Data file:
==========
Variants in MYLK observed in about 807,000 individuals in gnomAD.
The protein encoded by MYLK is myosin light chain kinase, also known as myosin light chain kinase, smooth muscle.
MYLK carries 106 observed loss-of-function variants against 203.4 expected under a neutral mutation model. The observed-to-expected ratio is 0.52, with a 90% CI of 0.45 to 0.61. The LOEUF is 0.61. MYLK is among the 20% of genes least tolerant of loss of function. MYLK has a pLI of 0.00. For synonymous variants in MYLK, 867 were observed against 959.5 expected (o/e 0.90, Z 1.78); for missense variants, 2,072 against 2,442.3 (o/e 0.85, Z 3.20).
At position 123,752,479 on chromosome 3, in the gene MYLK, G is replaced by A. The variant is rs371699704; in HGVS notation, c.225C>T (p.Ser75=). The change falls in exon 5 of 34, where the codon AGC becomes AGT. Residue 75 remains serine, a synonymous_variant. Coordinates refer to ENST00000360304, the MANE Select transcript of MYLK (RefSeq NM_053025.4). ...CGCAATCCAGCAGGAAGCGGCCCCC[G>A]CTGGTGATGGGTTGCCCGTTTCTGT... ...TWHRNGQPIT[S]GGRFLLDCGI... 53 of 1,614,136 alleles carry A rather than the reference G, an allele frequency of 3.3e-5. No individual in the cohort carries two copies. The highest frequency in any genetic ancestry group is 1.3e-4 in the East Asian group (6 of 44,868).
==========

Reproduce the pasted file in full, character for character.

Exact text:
Variants in MYLK observed in about 807,000 individuals in gnomAD.
The protein encoded by MYLK is myosin light chain kinase, also known as myosin light chain kinase, smooth muscle.
MYLK carries 106 observed loss-of-function variants against 203.4 expected under a neutral mutation model. The observed-to-expected ratio is 0.52, with a 90% CI of 0.45 to 0.61. The LOEUF is 0.61. MYLK is among the 20% of genes least tolerant of loss of function. MYLK has a pLI of 0.00. For synonymous variants in MYLK, 867 were observed against 959.5 expected (o/e 0.90, Z 1.78); for missense variants, 2,072 against 2,442.3 (o/e 0.85, Z 3.20).
At position 123,752,479 on chromosome 3, in the gene MYLK, G is replaced by A. The variant is rs371699704; in HGVS notation, c.225C>T (p.Ser75=). The change falls in exon 5 of 34, where the codon AGC becomes AGT. Residue 75 remains serine, a synonymous_variant. Coordinates refer to ENST00000360304, the MANE Select transcript of MYLK (RefSeq NM_053025.4). ...CGCAATCCAGCAGGAAGCGGCCCCC[G>A]CTGGTGATGGGTTGCCCGTTTCTGT... ...TWHRNGQPIT[S]GGRFLLDCGI... 53 of 1,614,136 alleles carry A rather than the reference G, an allele frequency of 3.3e-5. No individual in the cohort carries two copies. The highest frequency in any genetic ancestry group is 1.3e-4 in the East Asian group (6 of 44,868).